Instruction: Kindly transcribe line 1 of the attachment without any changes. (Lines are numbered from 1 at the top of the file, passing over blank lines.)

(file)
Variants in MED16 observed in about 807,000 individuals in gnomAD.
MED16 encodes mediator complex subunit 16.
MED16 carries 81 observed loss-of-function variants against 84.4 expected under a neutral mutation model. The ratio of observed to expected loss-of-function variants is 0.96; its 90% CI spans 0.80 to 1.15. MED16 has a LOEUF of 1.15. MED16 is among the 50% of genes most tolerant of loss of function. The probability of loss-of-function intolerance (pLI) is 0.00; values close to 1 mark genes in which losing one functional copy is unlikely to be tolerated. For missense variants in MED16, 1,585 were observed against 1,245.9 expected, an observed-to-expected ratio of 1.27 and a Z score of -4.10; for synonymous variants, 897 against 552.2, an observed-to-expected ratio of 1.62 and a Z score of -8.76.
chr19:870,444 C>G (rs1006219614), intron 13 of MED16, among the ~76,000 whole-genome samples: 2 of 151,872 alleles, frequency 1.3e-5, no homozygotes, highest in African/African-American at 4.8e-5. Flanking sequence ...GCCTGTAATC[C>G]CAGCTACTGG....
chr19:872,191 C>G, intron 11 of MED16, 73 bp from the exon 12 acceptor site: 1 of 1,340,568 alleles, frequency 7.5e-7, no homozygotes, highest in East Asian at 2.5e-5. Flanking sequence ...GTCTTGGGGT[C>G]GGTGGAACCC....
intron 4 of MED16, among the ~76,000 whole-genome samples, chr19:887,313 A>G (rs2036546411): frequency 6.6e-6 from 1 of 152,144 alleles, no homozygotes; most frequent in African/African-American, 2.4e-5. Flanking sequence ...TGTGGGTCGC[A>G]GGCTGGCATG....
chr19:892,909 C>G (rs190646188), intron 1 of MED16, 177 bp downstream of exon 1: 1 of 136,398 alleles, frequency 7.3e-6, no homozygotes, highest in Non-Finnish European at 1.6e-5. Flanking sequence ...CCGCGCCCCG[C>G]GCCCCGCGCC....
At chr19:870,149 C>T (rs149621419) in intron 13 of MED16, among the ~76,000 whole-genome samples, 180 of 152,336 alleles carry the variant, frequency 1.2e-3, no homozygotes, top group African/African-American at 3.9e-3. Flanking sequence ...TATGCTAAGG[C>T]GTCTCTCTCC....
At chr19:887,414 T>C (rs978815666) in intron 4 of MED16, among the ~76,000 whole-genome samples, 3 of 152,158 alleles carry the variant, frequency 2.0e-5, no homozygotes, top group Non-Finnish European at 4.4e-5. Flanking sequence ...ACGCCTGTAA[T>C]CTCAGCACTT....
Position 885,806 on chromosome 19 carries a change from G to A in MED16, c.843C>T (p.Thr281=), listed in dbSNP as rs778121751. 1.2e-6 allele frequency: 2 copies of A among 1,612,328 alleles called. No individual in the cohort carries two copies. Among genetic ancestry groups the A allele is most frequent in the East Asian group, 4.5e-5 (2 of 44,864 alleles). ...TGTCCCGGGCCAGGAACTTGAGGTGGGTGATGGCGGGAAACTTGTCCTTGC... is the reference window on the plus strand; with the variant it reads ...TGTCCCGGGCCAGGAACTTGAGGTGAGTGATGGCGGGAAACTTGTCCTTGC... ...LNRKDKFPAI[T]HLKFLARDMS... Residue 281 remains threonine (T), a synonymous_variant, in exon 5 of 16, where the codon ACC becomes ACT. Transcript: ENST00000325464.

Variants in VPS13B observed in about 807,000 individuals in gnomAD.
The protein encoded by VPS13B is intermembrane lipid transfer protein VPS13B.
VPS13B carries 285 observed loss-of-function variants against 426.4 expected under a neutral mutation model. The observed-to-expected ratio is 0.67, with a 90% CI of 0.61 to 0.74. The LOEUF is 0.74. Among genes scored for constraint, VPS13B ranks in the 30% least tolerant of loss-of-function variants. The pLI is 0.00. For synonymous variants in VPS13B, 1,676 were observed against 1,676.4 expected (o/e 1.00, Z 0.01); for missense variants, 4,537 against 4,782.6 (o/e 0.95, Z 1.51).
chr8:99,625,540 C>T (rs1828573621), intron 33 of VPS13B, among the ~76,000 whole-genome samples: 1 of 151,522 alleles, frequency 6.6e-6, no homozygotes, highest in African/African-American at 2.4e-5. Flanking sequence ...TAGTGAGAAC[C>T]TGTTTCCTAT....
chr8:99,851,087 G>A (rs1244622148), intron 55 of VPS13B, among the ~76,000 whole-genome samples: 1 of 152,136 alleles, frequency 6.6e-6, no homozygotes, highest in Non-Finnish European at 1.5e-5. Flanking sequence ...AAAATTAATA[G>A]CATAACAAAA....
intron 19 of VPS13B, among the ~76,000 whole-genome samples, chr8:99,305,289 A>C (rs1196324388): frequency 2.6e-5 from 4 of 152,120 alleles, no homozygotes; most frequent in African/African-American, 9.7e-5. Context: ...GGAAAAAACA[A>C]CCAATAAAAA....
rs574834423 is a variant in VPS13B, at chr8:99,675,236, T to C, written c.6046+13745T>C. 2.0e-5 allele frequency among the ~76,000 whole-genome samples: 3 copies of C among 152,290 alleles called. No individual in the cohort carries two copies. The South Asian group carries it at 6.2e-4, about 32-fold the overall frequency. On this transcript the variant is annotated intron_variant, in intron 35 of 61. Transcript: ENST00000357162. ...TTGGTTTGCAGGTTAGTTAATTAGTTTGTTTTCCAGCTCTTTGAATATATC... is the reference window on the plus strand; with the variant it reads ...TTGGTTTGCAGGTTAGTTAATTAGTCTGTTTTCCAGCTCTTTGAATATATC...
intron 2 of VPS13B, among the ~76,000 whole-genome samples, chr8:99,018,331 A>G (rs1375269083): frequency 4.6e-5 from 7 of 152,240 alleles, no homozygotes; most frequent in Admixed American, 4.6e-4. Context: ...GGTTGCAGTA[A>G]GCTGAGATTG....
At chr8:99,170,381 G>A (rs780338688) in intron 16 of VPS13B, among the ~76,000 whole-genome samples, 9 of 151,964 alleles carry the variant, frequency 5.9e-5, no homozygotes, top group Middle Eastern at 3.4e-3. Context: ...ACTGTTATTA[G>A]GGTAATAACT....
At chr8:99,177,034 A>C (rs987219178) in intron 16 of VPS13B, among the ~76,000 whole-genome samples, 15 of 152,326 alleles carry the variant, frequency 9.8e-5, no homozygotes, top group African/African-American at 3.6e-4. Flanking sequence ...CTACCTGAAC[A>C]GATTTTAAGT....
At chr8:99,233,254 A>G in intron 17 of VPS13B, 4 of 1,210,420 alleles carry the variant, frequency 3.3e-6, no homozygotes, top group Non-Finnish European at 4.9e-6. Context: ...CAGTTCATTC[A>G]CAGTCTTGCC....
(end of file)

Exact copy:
Variants in MED16 observed in about 807,000 individuals in gnomAD.